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Guns, explosives, submarines & cocaine: US charges Honduran president’s brother

Guns, explosives, submarines & cocaine: US charges Honduran president’s brother
Tony Hernandez, a former Honduran congressman and brother of the country’s sitting president, has been convicted of drug smuggling, possession of firearms and connections to “deadly and dangerous” gangs from Mexico and Colombia.

The US attorney general and DEA announced Monday that Tony Hernandez has been charged with conspiring to import cocaine, possession of machineguns and explosive devices as well as lying to federal agents. He appeared in a Miami court after being arrested on November 23rd, and if found guilty is potentially facing life in prison.

Hernandez has a rap sheet that would make Tony Montana proud, using “machinegun toting security” to protect “multi-ton” cocaine shipments, bribing law enforcement in order to secure crucial information for facilitating narcotics shipments and soliciting bribes from large-scale drug dealers, according to the DoJ. Investigators even found packages of cocaine in drug laboratories in Mexico and Colombia that were hubristically stamped with the former lawmaker’s initials “TH”.

The indictment represents official US recognition that massive drug trafficking rings were presumably sanctioned at the highest levels of the Honduran government, including bribes paid to members of the National Congress of Honduras for protection and safe passage. The drugs were smuggled for over a decade, from 2004-2016, by air and by sea, allegedly pushed up through Guatemala and eventually into the United States. In a move the writers of Breaking Bad would probably call far-fetched, the DoJ’s public statement even says that “on at least one occasion” Hernandez used a submarine to transport the goods.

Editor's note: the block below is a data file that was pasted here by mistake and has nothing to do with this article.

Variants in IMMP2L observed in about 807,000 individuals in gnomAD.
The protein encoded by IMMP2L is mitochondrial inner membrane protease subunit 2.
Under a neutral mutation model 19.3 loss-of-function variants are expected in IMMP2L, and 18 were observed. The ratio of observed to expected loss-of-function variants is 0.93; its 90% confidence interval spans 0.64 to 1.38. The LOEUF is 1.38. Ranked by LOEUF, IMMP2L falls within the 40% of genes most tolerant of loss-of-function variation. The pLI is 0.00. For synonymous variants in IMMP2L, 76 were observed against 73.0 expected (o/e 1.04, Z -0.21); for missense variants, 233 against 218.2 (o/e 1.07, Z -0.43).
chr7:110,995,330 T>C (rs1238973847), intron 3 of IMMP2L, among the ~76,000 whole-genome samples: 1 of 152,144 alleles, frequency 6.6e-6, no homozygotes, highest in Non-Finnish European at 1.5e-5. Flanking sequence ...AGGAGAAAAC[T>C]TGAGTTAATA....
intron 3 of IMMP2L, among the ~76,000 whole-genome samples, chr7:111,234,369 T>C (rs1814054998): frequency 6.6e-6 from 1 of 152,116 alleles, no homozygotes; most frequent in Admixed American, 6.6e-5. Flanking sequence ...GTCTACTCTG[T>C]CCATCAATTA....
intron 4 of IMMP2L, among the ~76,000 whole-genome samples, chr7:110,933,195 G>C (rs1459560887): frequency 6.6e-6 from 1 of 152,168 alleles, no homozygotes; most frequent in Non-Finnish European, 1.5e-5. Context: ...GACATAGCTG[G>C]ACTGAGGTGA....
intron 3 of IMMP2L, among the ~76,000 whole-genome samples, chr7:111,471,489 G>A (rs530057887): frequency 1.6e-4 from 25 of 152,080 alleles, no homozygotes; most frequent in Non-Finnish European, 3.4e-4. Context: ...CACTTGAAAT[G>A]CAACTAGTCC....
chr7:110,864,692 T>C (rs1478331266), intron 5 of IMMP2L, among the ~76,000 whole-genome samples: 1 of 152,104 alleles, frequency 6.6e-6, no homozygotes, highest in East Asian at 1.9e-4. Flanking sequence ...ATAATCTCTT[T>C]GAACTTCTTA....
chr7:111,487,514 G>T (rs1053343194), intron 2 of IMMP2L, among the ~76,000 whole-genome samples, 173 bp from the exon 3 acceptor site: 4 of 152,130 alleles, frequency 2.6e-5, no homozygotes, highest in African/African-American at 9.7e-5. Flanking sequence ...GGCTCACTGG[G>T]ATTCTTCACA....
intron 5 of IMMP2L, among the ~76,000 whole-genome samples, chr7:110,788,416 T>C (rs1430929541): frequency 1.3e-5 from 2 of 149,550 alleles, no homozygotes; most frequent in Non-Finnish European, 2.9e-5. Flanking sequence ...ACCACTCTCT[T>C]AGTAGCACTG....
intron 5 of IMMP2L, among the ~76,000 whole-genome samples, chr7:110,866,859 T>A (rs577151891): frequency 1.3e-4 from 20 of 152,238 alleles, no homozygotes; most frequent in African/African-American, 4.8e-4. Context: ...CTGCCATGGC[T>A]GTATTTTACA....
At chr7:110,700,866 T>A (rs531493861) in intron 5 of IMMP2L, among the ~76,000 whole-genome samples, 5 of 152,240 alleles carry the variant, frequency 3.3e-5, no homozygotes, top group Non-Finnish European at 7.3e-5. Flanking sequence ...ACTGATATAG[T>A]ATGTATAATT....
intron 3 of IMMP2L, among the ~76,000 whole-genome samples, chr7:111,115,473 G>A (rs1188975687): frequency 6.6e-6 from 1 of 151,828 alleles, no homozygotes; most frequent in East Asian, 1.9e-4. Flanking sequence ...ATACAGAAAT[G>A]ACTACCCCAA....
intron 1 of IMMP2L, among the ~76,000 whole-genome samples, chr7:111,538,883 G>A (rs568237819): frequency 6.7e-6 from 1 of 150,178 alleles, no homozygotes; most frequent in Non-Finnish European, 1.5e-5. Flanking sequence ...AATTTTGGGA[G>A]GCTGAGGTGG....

The statement also says that a recording exists of Hernandez giving a $50,000 kickback to a former member of the Honduran National Police to help force “Honduran government entities” to make payments to companies that launder money for a violent drug-trafficking gangs, which essentially amounts to Honduras having state subsidized drug-money laundering services.

Tony’s brother, the president of Honduras, who has ironically been trying to crack down on drug cartels, said that while being entitled to the presumption of innocence “no one is above the law.” So despite being the brother of the head of state, he will be given no advantages that an ordinary citizen would not have during a trial, Juan Orlando Hernandez stated.

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